High school was equally shitty. Oh how I hated Ms. Wagner with her short, stocky body stuffed into tight white shorts and a blue polo shirt. Her plastic looking man 'do coupled with "her" deep voice, made me wanna puke. I loathed the mere sight of her and hated Phys Ed with a passion. And there was no way out. If you strategically forgot your clothes, it counted against your grade. Without a passing grade in gym, you were in danger when it came to graduating.

Oh the memories I have of that awful class. The effin Presidential Fitness Exam which I failed religiously each and every damn year. Running that stupid one mile in ten minutes or whatever regulation set forth by the US government. One year, I actually passed out on the track and was escorted to the nurse's office. I had suffered an asthma attack and couldn't breathe. Oh joy! At least I got to go home early.

Then who could forget the trimester where I actually failed volleyball. My mother inquired with the lovely Ms. Wagner as to how one actually receives an "F" in gym class. It turned out I failed the one quiz given each trimester on the activity assigned. Be it "Dodge Ball, Acquiring The Mandatory Skills Needed To Stay Alive" or "Badminton, The Adventure Behind The Racket," they all sucked with their multiple choice answers and fill-in-the-blanks.

In order to make up for the failed volleyball grade, I was given special permission to study one-on-one with a new gym teacher. Though I can't recall her name, I remember her short curly blond hair and deep alto voice telling me to hustle. The two of us would practice basketball every other day during my lunch period and if she was satisfied with my attitude and demonstrated skill set, the "F" would be lifted and I would indeed graduate high school.

So after sweating it out at lunch for what seemed like an eternity, I was granted a
"B" and on my way to finishing high school. The funny thing is I think after all of that, I was then put into "Adapted Gym." Adapted Gym was basically Phys Ed for the physically inept and it was great! I was finally amongst other chubbers or kindhearted nerds who preferred spending their time in the science lab rather than on a track or ball court. We bonded on loathing jocks and sweat socks. Together, we lifted weights at our own pace and weren't pushed beyond our limits. It was heaven for the physically challenged.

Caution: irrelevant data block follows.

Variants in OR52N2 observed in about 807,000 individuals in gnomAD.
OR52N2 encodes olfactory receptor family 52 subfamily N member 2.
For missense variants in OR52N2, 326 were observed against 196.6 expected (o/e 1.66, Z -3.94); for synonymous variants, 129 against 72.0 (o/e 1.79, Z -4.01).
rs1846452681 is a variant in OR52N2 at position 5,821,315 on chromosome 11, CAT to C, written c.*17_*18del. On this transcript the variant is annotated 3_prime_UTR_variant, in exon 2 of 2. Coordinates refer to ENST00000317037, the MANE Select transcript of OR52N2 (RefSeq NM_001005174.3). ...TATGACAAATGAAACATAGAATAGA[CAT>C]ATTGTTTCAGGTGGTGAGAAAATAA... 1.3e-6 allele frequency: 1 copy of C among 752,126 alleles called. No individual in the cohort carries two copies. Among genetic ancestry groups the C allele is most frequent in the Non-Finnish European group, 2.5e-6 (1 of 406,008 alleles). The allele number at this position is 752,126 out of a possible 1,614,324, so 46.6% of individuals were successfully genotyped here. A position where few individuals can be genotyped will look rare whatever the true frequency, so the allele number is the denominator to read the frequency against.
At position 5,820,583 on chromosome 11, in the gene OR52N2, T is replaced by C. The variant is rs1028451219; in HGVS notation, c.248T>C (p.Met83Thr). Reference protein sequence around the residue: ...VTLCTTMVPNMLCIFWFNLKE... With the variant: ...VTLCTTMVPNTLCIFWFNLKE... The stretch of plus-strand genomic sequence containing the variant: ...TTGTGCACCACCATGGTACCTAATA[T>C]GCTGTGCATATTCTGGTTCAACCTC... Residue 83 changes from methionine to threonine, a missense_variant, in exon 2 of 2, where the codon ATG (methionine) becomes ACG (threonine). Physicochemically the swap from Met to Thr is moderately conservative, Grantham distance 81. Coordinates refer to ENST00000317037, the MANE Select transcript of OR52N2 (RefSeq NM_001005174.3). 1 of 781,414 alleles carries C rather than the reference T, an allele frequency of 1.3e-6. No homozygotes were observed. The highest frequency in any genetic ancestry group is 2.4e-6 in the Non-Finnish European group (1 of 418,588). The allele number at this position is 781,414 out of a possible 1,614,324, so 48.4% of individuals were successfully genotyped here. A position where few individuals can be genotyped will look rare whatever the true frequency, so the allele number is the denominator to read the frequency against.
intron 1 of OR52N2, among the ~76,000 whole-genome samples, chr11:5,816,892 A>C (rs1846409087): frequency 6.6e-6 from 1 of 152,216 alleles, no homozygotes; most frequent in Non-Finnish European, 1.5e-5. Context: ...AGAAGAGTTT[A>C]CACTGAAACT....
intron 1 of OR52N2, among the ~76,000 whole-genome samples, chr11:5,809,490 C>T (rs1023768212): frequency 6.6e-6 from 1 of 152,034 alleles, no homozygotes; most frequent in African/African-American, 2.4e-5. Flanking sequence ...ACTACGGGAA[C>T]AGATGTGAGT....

Seeing those kids running around that school yard yesterday really bummed me out. From behind the wheel of my car, I watched sadly as the chubbiest boy tried his best to keep up with his classmates. I knew just how much he must have hated every second of that painful 45 minutes. I wanted to leap from my car and rescue him. Maybe whisk him off for a frozen yogurt and tell him to get it together now before it's too late. I'd warn him about what lies ahead in high school and how even college has dumb physical education requirements.

Wednesday, October 14, 2009

Fifteen Minutes of Fame

As a kid, all I ever wanted to do was star on a television show or in movies. I'd put on skits with my younger brother for my parents and grandparents, then again, who didn't do this? In order to make our confirmation, we were interviewed by a teacher from our small Catholic school. Of course, I got stuck with 90-year-old Sister Frances who wasn't my biggest fan. When she asked what I wanted to do career-wise, I told her, "I'm going to be a famous actress and have my own show." She shook her head and said that Hollywood was a sinful place and did nothing to help others. I told her I would help others by making them laugh and would donate money to the poor. She was not convinced.

Well, it's about 25 years later and I'm still not a famous actress and gave up the dream before hitting high school - I didn't even have the courage to join the drama troupe or audition for plays after graduating 8th grade. Ironically I've still managed to successfully nab a few funny on-air moments.

In high school I loved WLIR/WDRE. Depending on when you listened, this station was Long Island's only new wave/alternative rock station. And although the call letters changed every few years, the play list pretty much remained the same. On my fifteenth birthday I called the station in the morning requesting "Little 15" by Depeche Mode - my favorite band at the time. For whatever reason, I always found myself on the air. I called a few months later and requested "Superman" by R.E.M. and this time the DJ demanded that I actually sing the song on the air! Luckily I knew the lyrics, but still - yikes! I did it, I didn't care. I'm not sure if anyone I even knew heard it.

My final year of college required me to complete an internship in media. Thinking I may still want to pursue TV, I interned at CBS working at The Geraldo Show in Columbus Circle. Whenever we were low on audience members, the crew would ask that we fill in. I loved it! I would listen intently using appropriate and often exaggerated facial expressions while teens from Arkansas and Alabama divulged tales of being beaten up by their step dads. Knowing the camera was on me, I'd squeak out a tear watching someone geek become chic. I was a master at what I referred to as "video acting" (think of music videos with people smiling, crying, looking off into the distance, yelling but you hear nothing but the song, etc.)...

About ten years later, commuting to my teen mag job in NYC, I was waiting on the platform listening to my Walkman (before ipods!) and heard the WLIR/WDRE DJs asking listeners a question about the Lion King movie. At that time, we were writing so many stories about this kid, Jonathan Taylor Thomas that I could tell you his birthday, fave color, siblings names and to this day remember he's from Bethlehem, PA. I quickly called in and told them he was indeed the voice of Simba and they demanded to know why I knew that and laughed when I told them I was an editor at SuperTeen magazine. We all laughed and I promised to send them some issues of the mag.